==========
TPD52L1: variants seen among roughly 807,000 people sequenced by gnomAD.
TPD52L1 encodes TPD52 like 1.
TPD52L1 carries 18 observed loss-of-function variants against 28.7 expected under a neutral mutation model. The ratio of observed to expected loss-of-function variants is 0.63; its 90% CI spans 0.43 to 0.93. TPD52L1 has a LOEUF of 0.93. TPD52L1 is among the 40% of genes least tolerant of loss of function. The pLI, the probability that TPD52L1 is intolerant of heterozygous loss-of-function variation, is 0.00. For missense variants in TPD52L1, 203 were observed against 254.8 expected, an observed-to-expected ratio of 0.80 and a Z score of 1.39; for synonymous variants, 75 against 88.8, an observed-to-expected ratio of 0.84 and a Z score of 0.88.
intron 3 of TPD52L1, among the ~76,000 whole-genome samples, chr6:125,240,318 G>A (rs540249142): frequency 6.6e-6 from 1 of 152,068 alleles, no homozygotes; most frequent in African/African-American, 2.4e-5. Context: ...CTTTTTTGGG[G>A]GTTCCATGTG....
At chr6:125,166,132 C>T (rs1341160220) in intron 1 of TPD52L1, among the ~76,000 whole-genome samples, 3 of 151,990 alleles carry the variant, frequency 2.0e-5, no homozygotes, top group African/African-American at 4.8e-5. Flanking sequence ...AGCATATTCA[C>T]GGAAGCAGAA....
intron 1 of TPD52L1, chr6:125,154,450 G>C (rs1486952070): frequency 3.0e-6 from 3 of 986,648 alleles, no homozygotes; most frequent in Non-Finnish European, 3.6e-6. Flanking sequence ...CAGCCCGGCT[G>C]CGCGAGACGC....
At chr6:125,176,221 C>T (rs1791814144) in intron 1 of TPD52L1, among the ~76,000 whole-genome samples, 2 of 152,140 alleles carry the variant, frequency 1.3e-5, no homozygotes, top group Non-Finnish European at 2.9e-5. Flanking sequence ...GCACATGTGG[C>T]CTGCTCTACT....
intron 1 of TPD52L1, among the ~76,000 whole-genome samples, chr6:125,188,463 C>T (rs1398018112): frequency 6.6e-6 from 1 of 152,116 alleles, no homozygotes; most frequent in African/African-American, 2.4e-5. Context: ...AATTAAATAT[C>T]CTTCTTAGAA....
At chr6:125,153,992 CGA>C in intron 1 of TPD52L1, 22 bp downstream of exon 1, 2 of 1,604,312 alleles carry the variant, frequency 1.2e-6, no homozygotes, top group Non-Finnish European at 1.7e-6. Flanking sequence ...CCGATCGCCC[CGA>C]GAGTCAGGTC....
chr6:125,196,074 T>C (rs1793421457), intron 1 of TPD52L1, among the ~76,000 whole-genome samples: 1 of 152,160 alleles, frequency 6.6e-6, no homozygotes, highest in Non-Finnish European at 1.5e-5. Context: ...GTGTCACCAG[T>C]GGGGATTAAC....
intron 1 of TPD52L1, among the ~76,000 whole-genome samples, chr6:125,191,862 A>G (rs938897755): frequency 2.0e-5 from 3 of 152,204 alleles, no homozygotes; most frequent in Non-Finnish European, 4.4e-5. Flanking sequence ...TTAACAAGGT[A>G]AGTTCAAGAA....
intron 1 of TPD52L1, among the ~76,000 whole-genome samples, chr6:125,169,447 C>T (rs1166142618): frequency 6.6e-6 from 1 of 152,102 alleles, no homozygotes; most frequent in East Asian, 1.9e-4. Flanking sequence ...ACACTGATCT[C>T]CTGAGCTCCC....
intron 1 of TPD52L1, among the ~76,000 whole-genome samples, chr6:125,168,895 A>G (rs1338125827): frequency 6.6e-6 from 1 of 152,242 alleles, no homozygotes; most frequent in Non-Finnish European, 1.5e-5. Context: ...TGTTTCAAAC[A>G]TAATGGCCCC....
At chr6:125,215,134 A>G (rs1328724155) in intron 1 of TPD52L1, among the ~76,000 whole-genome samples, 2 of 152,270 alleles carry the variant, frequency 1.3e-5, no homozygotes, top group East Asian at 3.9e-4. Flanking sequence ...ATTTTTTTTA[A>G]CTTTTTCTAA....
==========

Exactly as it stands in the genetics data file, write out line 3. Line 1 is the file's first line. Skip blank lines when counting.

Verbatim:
TPD52L1 carries 18 observed loss-of-function variants against 28.7 expected under a neutral mutation model. The ratio of observed to expected loss-of-function variants is 0.63; its 90% CI spans 0.43 to 0.93. TPD52L1 has a LOEUF of 0.93. TPD52L1 is among the 40% of genes least tolerant of loss of function. The pLI, the probability that TPD52L1 is intolerant of heterozygous loss-of-function variation, is 0.00. For missense variants in TPD52L1, 203 were observed against 254.8 expected, an observed-to-expected ratio of 0.80 and a Z score of 1.39; for synonymous variants, 75 against 88.8, an observed-to-expected ratio of 0.84 and a Z score of 0.88.